The May 2020 judgment of the Court of Appeal upheld the High Court’s dismissal of a challenge to the UK’s 2018 ban on ivory trading. A company founded to represent the interests of antique ivory dealers and collectors argued (unsuccessfully) that the UK’s “world-leading” Ivory Act 2018 was contrary to EU law because the ban was a disproportionate interference with the free movement of goods and antique dealers’ rights.

The Court of Appeal judgment is interesting to me as it deals with the issue of how the courts engage with legislation that infringes fundamental rights to pursue lauded policy goals but with serious questions posed as to the effectiveness of the measures.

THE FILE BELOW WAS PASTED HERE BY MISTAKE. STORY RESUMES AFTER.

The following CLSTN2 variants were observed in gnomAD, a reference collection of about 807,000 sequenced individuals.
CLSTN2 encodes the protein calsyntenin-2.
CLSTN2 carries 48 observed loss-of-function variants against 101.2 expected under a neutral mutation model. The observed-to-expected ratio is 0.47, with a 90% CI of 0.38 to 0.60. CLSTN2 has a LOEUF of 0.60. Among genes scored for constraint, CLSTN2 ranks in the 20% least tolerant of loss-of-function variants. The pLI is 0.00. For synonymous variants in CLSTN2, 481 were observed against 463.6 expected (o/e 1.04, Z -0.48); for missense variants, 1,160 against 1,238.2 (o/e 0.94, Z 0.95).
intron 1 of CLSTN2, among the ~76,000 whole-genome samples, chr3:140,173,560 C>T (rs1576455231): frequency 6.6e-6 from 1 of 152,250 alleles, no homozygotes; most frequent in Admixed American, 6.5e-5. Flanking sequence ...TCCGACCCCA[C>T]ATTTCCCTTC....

Here, there was no doubt as to the importance of attempts to enhance the protection of African and Asian elephants in the face of harrowing and ongoing threats to their survival.  The question which caused more debate was the effectiveness to that goal of banning, with limited exceptions, the sale of antique worked ivory, including netsuke (small carved ornaments, often attached to the sash of a kimono, and crafted in Imperial Japan between the 17th and the early 20th century).  Bluntly put, the appellant’s position was that the suggestion that trade in such antique ivory makes a direct/indirect contribution to the poaching of elephants today had not been proven and was unsound.